If you’re one of those smart asses out there thinking to yourself, “Hey, you just mentioned his name in the title,” don’t be so proud of yourself.
I broke my no carb resolution on January 2nd and I mentioned his name twice in the title.
If you read nothing else all year (including this piece), I recommend Donald Trunp’s Year of Living Dangerously, by Susan Glasser. It’s a cautious look into the rear view mirror.
The 1969 satire, The Peter Principle puts forth several “laws” of business hierarchies and interpersonal relationships.
One such principle is that if anything can go wrong, it will. I have chosen that one for my epitaph.
The main theme is that people tend to rise to their level of incompetency. That is, people in a business hierarchy keep getting promoted until they reach a point where they suck, at which level they remain until retirement.
A more serious study was released in 1999 by David Dunning and Justin Kruger entitled, “Unskilled and Unaware of It: How Difficulties in Recognizing One’s Own Incompetence Lead to Inflated Self-Assessments.”
The condition described by these two Cornell scholars has become known as the Dunning-Kruger Effect.
It gets a little wonky here, so hard core Trumpsters may want to disengage now. That probably goes for Mike Pence and the evangelists, as well.
We all know people who infuriate us because they think they know everything when in fact, they know very little. You can’t argue with them because they lack a basic understanding of the very subject in which they claim expertise.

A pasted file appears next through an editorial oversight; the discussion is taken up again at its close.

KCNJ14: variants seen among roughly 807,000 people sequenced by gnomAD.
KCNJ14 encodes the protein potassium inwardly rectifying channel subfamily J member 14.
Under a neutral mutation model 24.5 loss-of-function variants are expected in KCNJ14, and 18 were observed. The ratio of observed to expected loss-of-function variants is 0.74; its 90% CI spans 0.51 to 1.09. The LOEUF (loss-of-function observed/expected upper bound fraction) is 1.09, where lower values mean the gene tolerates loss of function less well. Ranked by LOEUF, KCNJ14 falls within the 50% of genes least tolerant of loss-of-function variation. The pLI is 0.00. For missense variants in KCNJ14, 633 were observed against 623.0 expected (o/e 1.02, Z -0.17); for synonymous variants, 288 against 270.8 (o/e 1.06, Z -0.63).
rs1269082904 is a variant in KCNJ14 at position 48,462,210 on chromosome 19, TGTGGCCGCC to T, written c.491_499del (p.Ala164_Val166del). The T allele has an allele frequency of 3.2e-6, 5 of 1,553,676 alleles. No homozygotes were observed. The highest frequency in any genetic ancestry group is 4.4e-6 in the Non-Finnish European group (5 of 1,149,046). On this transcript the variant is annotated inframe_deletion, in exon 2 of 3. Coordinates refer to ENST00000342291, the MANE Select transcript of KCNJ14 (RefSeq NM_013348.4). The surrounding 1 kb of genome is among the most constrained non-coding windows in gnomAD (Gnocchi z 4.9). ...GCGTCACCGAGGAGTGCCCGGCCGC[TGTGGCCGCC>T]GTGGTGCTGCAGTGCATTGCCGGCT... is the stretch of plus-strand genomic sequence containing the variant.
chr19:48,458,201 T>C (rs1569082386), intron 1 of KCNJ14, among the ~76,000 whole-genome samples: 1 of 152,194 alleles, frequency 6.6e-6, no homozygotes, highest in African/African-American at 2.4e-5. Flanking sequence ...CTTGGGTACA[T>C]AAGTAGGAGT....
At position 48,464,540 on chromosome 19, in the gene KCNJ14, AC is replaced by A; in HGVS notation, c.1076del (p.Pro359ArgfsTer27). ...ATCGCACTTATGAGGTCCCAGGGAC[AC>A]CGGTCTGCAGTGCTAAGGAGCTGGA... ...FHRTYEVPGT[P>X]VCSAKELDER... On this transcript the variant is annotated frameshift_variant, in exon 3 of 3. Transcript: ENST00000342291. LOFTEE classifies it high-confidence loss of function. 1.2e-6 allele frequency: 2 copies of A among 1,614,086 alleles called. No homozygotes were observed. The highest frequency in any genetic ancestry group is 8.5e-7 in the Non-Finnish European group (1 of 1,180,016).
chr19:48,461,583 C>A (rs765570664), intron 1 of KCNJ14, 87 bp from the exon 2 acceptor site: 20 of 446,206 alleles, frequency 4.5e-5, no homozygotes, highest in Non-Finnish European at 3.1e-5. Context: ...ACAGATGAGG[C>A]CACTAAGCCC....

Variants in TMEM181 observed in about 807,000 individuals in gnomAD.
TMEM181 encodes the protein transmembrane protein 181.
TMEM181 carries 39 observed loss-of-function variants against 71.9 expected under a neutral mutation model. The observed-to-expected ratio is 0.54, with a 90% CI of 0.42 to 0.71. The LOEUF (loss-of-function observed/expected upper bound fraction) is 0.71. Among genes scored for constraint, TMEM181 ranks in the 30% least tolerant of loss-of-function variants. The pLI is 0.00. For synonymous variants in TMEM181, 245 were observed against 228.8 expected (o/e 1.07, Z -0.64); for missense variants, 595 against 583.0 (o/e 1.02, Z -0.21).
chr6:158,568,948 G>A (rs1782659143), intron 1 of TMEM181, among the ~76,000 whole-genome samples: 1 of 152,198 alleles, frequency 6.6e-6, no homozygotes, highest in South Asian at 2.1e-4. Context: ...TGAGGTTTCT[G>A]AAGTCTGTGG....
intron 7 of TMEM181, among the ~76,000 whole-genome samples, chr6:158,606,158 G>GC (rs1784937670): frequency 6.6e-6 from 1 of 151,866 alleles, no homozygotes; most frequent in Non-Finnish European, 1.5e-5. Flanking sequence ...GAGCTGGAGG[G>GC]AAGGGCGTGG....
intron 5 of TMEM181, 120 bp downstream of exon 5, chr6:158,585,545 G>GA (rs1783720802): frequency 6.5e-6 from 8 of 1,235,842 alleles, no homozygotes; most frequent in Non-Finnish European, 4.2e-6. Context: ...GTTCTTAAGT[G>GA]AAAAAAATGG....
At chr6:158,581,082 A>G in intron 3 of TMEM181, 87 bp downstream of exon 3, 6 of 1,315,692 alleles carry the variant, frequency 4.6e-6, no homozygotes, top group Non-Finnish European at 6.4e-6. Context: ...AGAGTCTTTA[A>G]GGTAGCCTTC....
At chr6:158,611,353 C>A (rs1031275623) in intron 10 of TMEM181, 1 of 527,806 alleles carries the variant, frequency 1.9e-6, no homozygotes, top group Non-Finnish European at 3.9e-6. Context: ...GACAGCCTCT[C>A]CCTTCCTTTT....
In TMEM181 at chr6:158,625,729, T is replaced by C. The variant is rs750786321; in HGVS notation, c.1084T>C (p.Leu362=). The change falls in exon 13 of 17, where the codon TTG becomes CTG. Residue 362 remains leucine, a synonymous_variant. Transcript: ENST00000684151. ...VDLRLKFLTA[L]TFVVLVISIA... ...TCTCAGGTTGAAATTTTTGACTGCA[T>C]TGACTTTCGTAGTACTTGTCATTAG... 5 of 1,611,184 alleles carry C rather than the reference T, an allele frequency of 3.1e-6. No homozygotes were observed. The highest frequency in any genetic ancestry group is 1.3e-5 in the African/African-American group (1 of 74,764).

Imagine someone who writes (or tweets) childishly and capitalizes words like “button” or “country” or uses exclamation points and question marks indiscriminately. Imagine someone like that thinking of themselves as a great writer.
The problem is that they don’t know enough about grammar or punctuation to recognize their own illiteracy.
This may bring to mind someone in your own life. If it brings to mind the leader of the free world who likes to brag about the size of his nuclear button, you should be concerned.
On a larger scale, the Dunning-Kruger Effect explains how people with limited knowledge can truly believe in their own, non-existent expertise.
Paradoxically, as people gain knowledge, their understanding of their deficiencies increase.
In a speech in Arizona leading up to the vote on the tax bill, Trump said, “I understand the tax laws better than almost anyone, which is why I’m the one who can truly fix them.”
I don’t know if anyone believes that claim, but they would do well to listen to what Jack Mitnick had to say about Trump’s tax chops.
Mitnick prepared Trump’s 1995 tax returns which allowed Trump to skate on 18 years of taxes. When asked what part Trump played in the preparations of that return, Mitnick replied, “None whatsoever.”
Mitnick went on to say that Trump had neither knowledge nor interest in anything having to do with income tax or income tax law.
In 2016 Dishonest Don said, “Nobody knows more about debt. I’m like the king. I love debt.”
It’s hard to argue with that. He definitely loves debt and we know that he wants to be king.
Trump has also claimed unique expertise on campaign contributions, Facebook, the U.S. government, Cory Booker, politicians, jobs, trade, the military, ISIS, the “horror of nuclear,” the visa system (not the credit cart) and so much more.
As with most of what he says, it is, in his own words, “fake news.”
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